When we think about cyberattacks on businesses, many of us think of a hoodie-clad hacker slouched over a keyboard in some far-flung, underground lair.  We read about data breaches like the recent Equifax debacle and scurry to develop new measures to defend against these faceless digital nemeses. But in fact, it's most often the threats that are right under our noses that pose more of a danger. Maybe Velma in accounting replied to a message she believed to have come from the bank, or the unwitting Richard in marketing clicked on a link he shouldn't have. It could even be Bob, your CEO, working on a home computer without any anti-virus software installed. We may not want to believe it, but when the worst happens it frequently originates from an internal source.

Companies are extremely vulnerable to the actions of their employees and insiders. A Harvey Nash/KPMG survey of 4,500 CIOs and technology leaders from around the globe found that insider threats are perceived as the most rapidly growing security risk to companies. In fact, IBM noted in its 2016 Cyber Security Intelligence Index that as many as 60% of cyberattacks are carried out by insiders. Their research also found that industries such as financial services, healthcare and manufacturing experience the highest level of attacks given that they have massive financial assets, a rich vein of personal data to be tapped, and physical inventories that hold significant value.

Some risks come from employees with malevolent intentions, while others are the result of carelessness or ignorance of appropriate cybersecurity precautions. Employees who want to finish up a project at home may send confidential information to insecure home computers, or an IT administrator, privy to all of the company's infrastructure, could make a small mistake that has devastating consequences. And some employees may inadvertently serve as ignorant patsies, their identities and access hijacked through a malware attack or phishing expedition. The most cunning of hackers, once they have the proverbial foot in the door, can find creative ways to gain even greater access to company data. And since these hackers are piggybacking on the identities of legitimate employees, they can often fly beneath the IT radar and escape detection until it's too late.

Companies walk a fine line when they try to establish protective measures. Overly restrictive security policies can reduce productivity and have a negative impact on morale, while inattention to security can have devastating results. That's why it's important that businesses be proactive in anticipating risks and developing strategies for defense. To start, every company should consider conducting a business-wide information security risk assessment to identify possible vulnerabilities. Managers and owners should know what critical data needs to be protected, where the data resides within the company, and restrict access to only those employees who have need of the data and have also received training in data and information security. New employees, contractors and consultants should undergo a background check before they're allowed access to sensitive data, and given training in appropriate data security measures during onboarding. Moreover, periodic training should be mandatory, and when employees leave the company their access to information should be quickly rescinded.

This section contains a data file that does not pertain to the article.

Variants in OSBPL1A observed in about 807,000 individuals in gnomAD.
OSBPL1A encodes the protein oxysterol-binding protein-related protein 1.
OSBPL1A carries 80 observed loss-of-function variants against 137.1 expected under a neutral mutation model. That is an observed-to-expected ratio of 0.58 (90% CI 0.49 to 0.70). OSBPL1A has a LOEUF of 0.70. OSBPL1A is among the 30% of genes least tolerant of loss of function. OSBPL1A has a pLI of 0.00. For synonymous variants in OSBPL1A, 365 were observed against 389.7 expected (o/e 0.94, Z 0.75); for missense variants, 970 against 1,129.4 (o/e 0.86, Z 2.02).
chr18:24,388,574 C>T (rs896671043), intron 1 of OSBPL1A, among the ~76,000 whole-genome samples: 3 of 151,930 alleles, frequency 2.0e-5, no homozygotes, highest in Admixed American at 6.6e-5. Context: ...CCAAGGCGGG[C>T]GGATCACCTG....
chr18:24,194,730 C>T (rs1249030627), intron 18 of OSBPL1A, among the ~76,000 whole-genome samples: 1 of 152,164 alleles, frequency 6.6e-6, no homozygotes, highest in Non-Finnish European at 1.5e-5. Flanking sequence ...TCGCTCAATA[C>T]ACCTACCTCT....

Threats to data security are dynamic and ever-changing. Companies a more likely to avoid data security breaches when they take pro-active measures to respond to the rapidly evolving threat environment.

Biggest Cybersecurity Threats in 2018

Some of the biggest threats experts are thinking about in 2018 range from the familiar to more novel cybersecurity considerations. Ransomware has become broadly known, in part due to the massive WannaCry attack that impacted businesses around the world. Experts anticipate that ransomware will continue to plague companies and individual users in 2018. Unfortunately, the technology used to launch ransomware attacks is only getting better at infecting computers and holding them ransom for cybercriminals.

Phishing is in some ways the precursor to ransomware. Phishing scams trick people into downloading malicious software. This technique has been around a long time and isn't going away in 2018. That's why it's so important to ensure employees are extremely careful with attachments and downloads. It is all to easy for an employee to use their personal email account on a company computer and unwittingly infect the entire business with malicious software.

Cybersecurity experts additionally advise that internal attacks could hit businesses in 2018. These types of attacks aren't accidents (as in many cases of phishing), but planned, intentional attacks by malicious actors within an organization. Businesses should consider investing in training and security staff to protect against this form of attack.

This article was updated February 19, 2018.